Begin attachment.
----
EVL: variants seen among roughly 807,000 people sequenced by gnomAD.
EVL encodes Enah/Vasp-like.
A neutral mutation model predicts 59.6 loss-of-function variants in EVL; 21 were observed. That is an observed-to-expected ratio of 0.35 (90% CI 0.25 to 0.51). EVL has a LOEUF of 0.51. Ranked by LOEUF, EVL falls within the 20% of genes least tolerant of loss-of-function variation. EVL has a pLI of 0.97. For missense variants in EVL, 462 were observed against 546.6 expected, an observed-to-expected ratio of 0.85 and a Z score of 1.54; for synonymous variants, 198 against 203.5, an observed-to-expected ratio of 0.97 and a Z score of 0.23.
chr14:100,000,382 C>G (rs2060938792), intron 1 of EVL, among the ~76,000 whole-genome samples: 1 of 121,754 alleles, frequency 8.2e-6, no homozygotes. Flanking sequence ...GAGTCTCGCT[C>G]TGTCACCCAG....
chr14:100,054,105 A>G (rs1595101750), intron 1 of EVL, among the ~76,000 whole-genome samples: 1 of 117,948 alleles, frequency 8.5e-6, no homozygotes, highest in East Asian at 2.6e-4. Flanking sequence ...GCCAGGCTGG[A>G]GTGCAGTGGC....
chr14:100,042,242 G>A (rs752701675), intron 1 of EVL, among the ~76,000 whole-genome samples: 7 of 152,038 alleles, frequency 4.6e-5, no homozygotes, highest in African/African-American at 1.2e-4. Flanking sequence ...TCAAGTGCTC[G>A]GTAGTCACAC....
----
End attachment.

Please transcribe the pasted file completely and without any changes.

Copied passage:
EVL: variants seen among roughly 807,000 people sequenced by gnomAD.
EVL encodes Enah/Vasp-like.
A neutral mutation model predicts 59.6 loss-of-function variants in EVL; 21 were observed. That is an observed-to-expected ratio of 0.35 (90% CI 0.25 to 0.51). EVL has a LOEUF of 0.51. Ranked by LOEUF, EVL falls within the 20% of genes least tolerant of loss-of-function variation. EVL has a pLI of 0.97. For missense variants in EVL, 462 were observed against 546.6 expected, an observed-to-expected ratio of 0.85 and a Z score of 1.54; for synonymous variants, 198 against 203.5, an observed-to-expected ratio of 0.97 and a Z score of 0.23.
chr14:100,000,382 C>G (rs2060938792), intron 1 of EVL, among the ~76,000 whole-genome samples: 1 of 121,754 alleles, frequency 8.2e-6, no homozygotes. Flanking sequence ...GAGTCTCGCT[C>G]TGTCACCCAG....
chr14:100,054,105 A>G (rs1595101750), intron 1 of EVL, among the ~76,000 whole-genome samples: 1 of 117,948 alleles, frequency 8.5e-6, no homozygotes, highest in East Asian at 2.6e-4. Flanking sequence ...GCCAGGCTGG[A>G]GTGCAGTGGC....
chr14:100,042,242 G>A (rs752701675), intron 1 of EVL, among the ~76,000 whole-genome samples: 7 of 152,038 alleles, frequency 4.6e-5, no homozygotes, highest in African/African-American at 1.2e-4. Flanking sequence ...TCAAGTGCTC[G>A]GTAGTCACAC....